Centre for International Environmental Studies
20 November 2019

Diversity, Land and Right of Indigenous Peoples in Brazil

Beginning of November, The Latin American Network Initiative (LANI), with the support of the CIES),  organized a panel on “Diversity, Land and Rights of Indigenous Peoples in Brazil” .

With support of Greenpeacethe Centre for International Environmental Studies (IHEID), Brazil’s Indigenous People Articulation (APIB), and the Grito Collective, LANI co-organised a  panel on “Diversity, Land and Rights of Indigenous Peoples in Brazil” at the beginning of November. The event was assisted by over 100 people and moderated by Graduate Institute’s Professor Susanna Hecht. The panelists included:

  • Célia Xakriabá, Anthropology PhD Candidate at UFMG-Brazil and activist from Xakriabá community, in Minas Gerais
  • Nara Baré, the first female General Coordinator of the Coordination of Indigenous Organizations of the Brazilian Amazon (COIAB), which representative of 160 peoples from nine Amazonian states)
  • Kretã Kaingang, Indigenous activist originally from the Mangueirinha Indigenous Land, a threatened forest area in Paraná.

The debate tackled the rights of indigenous peoples in Brazil, including the different narratives of integration and assimilation of indigenous persons both in the country and in the Latin America region more broadly. Passing through the colonial times and the different policies applied by past and current administration, attempts of assimilation and extermination have always crossed the history of indigenous peoples in Brazil.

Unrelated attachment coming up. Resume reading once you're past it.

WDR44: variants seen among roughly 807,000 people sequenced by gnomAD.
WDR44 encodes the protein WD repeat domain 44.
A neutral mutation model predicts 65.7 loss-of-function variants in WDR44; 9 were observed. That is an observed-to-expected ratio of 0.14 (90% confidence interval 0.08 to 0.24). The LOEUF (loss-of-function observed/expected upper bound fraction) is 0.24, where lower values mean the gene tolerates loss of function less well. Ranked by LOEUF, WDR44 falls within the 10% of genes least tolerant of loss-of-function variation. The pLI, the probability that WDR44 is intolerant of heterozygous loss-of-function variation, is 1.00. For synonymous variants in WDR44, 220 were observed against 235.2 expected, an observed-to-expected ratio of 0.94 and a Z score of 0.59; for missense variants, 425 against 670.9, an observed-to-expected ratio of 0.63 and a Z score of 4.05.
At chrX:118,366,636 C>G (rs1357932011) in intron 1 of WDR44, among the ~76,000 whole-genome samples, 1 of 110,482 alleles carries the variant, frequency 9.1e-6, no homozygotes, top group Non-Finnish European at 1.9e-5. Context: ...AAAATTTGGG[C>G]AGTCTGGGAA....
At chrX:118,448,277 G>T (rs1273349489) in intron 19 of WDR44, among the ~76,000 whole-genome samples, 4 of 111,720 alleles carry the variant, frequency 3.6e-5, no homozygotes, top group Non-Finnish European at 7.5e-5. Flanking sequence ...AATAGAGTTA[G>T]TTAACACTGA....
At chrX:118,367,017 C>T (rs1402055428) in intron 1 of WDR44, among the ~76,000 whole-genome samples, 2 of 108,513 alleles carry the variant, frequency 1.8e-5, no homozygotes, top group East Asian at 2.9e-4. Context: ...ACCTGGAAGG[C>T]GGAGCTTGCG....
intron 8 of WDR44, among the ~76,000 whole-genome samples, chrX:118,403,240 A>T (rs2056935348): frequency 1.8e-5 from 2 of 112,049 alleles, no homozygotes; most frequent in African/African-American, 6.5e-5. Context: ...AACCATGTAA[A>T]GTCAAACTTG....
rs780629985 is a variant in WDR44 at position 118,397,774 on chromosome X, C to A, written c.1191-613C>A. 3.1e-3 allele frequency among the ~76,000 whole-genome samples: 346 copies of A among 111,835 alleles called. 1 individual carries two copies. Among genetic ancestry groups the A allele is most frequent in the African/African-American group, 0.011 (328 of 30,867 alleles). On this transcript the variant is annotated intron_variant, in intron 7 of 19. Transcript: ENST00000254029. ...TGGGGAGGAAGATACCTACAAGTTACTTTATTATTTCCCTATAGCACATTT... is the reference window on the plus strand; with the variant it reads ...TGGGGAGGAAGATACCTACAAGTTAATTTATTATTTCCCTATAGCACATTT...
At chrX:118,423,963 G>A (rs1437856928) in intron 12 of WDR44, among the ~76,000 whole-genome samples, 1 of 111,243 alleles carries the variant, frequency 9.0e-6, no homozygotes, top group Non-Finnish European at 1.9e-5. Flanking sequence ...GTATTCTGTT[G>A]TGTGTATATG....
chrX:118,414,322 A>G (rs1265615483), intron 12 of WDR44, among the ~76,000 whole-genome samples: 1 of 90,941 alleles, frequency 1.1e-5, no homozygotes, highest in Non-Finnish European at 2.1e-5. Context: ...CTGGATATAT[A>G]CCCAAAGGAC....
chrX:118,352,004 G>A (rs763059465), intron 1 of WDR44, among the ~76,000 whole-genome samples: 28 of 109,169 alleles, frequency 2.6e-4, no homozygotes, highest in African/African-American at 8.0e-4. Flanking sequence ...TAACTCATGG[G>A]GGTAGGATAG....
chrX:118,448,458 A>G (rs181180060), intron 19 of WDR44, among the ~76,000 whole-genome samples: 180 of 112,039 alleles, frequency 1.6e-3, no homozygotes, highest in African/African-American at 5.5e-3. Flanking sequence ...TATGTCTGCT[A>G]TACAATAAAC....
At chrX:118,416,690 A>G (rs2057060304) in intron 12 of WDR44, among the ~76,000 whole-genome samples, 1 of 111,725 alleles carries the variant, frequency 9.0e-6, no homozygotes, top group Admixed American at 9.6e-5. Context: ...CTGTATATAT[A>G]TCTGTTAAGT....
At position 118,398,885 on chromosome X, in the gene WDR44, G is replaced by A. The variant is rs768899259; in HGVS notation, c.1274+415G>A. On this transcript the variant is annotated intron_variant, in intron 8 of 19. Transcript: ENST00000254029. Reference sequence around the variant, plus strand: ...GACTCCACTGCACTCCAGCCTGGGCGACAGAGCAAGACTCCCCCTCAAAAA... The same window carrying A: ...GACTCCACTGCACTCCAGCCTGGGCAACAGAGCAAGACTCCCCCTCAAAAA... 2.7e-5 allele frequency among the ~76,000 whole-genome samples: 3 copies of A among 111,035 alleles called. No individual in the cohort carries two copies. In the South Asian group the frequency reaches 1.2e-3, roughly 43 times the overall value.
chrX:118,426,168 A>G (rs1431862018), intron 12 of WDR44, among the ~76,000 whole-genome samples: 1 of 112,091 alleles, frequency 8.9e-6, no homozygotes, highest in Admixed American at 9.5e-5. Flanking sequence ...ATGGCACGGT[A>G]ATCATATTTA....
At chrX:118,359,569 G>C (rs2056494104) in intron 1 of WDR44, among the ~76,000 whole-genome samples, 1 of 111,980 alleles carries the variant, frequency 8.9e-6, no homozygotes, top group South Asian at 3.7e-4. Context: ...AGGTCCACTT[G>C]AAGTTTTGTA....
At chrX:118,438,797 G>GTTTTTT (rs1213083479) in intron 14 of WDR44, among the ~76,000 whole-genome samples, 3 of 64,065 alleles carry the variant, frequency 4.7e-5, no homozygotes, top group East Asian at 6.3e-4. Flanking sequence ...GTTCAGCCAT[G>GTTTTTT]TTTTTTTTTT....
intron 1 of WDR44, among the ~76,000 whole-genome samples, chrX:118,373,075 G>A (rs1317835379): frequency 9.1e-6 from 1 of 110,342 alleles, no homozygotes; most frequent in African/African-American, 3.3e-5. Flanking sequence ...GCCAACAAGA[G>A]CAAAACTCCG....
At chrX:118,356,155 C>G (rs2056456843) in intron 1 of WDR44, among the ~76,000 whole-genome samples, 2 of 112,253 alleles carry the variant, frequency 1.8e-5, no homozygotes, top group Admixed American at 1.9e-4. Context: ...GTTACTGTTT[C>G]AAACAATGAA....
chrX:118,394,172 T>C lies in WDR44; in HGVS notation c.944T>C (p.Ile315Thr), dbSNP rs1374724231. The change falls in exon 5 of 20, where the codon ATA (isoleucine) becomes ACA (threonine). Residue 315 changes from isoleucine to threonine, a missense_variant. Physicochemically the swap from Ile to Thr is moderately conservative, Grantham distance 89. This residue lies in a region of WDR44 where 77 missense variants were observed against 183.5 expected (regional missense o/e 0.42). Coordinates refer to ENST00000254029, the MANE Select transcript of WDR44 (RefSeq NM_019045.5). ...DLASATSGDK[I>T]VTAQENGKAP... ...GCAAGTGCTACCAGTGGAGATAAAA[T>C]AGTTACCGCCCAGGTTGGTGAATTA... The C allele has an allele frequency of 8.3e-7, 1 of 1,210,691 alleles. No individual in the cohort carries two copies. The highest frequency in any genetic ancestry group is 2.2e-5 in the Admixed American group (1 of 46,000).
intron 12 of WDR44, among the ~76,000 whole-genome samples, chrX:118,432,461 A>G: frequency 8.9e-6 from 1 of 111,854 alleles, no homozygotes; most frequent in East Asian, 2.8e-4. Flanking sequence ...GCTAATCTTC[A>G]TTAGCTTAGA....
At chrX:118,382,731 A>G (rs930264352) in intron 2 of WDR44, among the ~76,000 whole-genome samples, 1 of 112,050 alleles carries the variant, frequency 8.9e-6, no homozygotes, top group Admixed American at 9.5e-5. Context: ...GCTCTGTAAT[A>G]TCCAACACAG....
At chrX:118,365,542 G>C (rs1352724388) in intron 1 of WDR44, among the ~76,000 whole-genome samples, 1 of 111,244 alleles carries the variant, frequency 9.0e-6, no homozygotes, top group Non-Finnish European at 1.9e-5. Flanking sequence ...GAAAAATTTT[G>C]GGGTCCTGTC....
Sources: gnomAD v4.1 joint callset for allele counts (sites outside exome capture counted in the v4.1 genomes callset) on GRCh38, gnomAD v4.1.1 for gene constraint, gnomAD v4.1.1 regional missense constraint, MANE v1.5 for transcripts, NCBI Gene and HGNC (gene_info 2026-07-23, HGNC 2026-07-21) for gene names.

It also explored the importance of the territory for their communities, what the environment means to them -as a single body, not as separated spheres. Contemporary issues of compliance with international environmental preservation and human rights law, including the recent fires at the Amazon forest were also tackled.

Lastly, the connections between trade, consumption, deforestation, and land conflicts were debated. This provided students with the opportunity to reflect upon their academic and media accumulated knowledge and speak to the indigenous representatives they had heard of directly, bringing a new sense of reality to their understanding. There was a call from the leaders to everyone to act out and unite in the fight for the preservation of the environment – a fight that transcends any artificial territorial limits.


This article was written by the Latin American Network Initiative (LANI)